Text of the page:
Vision Zero Progress Report Fails to Measure Impact of Vision Zero Policies

Earlier this week, City Hall released an update on the first year of Vision Zero [PDF]. With 90 pages of charts, stats, maps, and graphs, it’s impressively long. But how well does it measure the impact of the city’s street safety policies?

There were a slate of changes to speed limits and traffic enforcement priorities in 2014, and it looks like these policies had an effect: Pedestrian fatalities reached an historic low last year. There should be enough data by now to draw some conclusions about what’s working and what’s not — conclusions that can help guide Vision Zero policy going forward. But the report is mostly an exercise in checking off boxes.

Shouldn't New York City's analysis of Vision Zero be more than just a checklist?
New York City’s analysis of Vision Zero policies should be more than just a checklist. Image: Mayor’s Office [PDF]
Here are five key questions left unanswered by the report:

  • Do Arterial Slow Zones work? Before securing state approval to lower NYC’s default speed limit, the city established 27 “Arterial Slow Zones” — major corridors that received 25 mph speed limits and focused enforcement from NYPD. Some of these changes have been in place for a year, but we still don’t know the effect on key metrics like injury rates, crash severity, and the prevalence of speeding.
  • How are speed cams affecting crashes and injuries? There are 63 school zone speed cameras on the ground right now, according to DOT, with 42 at fixed locations and 21 mobile units. The full 140 allowed by Albany will be installed by the end of this year. Studies from other cities have proven that speed cams work to slow drivers and reduce crashes, so what is the effect in New York City, where state legislation limits where and when cameras can operate? The Vision Zero update notes that speeding has declined 59 percent at 19 camera locations but provides no analysis of the impact on crashes or injuries. In February, WNYC put together a deeper look at the effect of speed cams than the city’s own report.
  • Are TLC-licensed drivers causing fewer injuries and deaths? The report says the de Blasio administration will seek a state law requiring seat belt use for front-seat passengers and children in taxis, but it doesn’t have much data about actual taxi crashes. The Taxi and Limousine Commission fact book once included an entire section on crashes, analyzing everything from seatbelt use to the number of pedestrians and cyclists injured. An update more than a year ago neglected to mention crash data, and the Vision Zero update doesn’t talk about the safety record of TLC-licensed drivers either.
  • What about the rest of the city fleet? The Department of Citywide Administrative Services has a nifty new database tracking crashes across the city fleet, but that information is missing in the Vision Zero update. Has the city improved the safety record of its fleet under Vision Zero? We don’t know, and this latest report didn’t tell us.
  • Where is NYPD concentrating its enforcement? Enforcement of dangerous violations like failure to yield and speeding increased last year. But are those tickets going to drivers at dangerous locations, and can we discern the impact of NYPD enforcement on crash and injury rates? There’s no way to tell, because the city doesn’t publish geographic data on traffic enforcement more detailed than the the precinct level.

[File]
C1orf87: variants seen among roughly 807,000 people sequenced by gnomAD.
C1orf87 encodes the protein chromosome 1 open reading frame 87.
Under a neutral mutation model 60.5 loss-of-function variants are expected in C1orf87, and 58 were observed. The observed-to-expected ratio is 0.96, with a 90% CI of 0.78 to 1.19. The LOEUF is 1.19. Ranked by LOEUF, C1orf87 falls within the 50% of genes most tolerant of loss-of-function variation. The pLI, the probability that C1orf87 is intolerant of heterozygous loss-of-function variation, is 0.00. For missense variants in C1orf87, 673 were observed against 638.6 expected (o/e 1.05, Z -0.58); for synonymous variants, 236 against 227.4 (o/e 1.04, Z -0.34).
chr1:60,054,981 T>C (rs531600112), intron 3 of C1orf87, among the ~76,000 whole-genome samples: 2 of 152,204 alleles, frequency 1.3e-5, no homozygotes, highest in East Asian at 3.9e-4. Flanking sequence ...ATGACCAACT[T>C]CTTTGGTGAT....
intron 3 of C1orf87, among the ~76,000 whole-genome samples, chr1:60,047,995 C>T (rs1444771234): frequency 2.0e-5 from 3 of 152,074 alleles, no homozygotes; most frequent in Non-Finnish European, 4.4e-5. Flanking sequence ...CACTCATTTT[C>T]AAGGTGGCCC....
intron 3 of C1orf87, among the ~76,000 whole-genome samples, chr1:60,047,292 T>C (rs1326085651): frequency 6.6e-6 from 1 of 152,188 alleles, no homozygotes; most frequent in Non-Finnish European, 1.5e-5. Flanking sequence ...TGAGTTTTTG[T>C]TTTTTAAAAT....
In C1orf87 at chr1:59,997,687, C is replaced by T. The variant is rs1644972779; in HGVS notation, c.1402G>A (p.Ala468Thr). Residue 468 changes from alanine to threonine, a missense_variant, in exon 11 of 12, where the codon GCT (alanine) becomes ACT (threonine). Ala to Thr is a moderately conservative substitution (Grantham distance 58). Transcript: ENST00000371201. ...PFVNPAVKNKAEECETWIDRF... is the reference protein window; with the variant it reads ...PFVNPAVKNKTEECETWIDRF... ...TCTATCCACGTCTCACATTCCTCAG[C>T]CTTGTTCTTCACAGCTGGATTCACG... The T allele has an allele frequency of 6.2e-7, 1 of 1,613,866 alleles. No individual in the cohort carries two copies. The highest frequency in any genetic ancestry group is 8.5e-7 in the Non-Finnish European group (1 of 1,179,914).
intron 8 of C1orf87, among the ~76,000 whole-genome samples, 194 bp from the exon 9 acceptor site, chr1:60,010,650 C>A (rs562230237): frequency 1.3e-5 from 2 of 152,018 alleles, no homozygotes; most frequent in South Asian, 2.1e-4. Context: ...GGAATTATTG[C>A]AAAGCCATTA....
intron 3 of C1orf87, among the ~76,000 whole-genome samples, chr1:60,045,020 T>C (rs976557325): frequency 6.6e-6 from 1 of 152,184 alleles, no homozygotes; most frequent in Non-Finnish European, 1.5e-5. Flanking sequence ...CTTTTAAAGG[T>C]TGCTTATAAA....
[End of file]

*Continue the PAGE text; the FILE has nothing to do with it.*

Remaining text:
There is some new information in the Vision Zero update, though it’s more like factoids than analysis:

  • More speed guns, but mostly for highway units: There are now 88 LIDAR speed guns distributed among NYPD’s 77 precincts, and 138 among the department’s four highway units. The report does not indicate whether the highway units were also assigned to local streets.
  • Collision investigations still leave many victims behind: There were 255 traffic fatalities and thousands of severe injuries last year, yet NYPD’s Collision Investigation Squad responded to just 430 crash scenes, the report says. CIS determined “criminality” in 96 of those cases, including 12 where CIS recommended charges under the Right-of-Way Law after it went into effect in August.
  • Coordinating traffic enforcement with other crime deterrence: NYPD is looking into increasing enforcement of both traffic violations and non-traffic criminal summonses “in areas where both crime rates and traffic fatalities and injuries are high.” (An example of this is Operation S.L.A.T.E. in Prospect-Lefferts Gardens and Wingate last November.)
  • Using civilian NYPD personnel: NYPD will begin sending traffic enforcement agents to respond to crashes that do not result in injuries. The department will also begin training civilian staff to assist officers in processing blood-alcohol tests. In addition, auxiliary officers have already begun setting up “mock speed enforcement zones,” in which uniformed civilians use radar guns but do not issue tickets.

This year, according to the report, NYPD will launch “a major technological upgrade” to better track crashes and enforcement. And for the first time, the city Department of Health will link crash records with injury information from hospital records to analyze which types of crashes cause particular injuries.

So the quality of data available to the city should improve. But if the city isn’t publishing the data already at its disposal, what good will that do?

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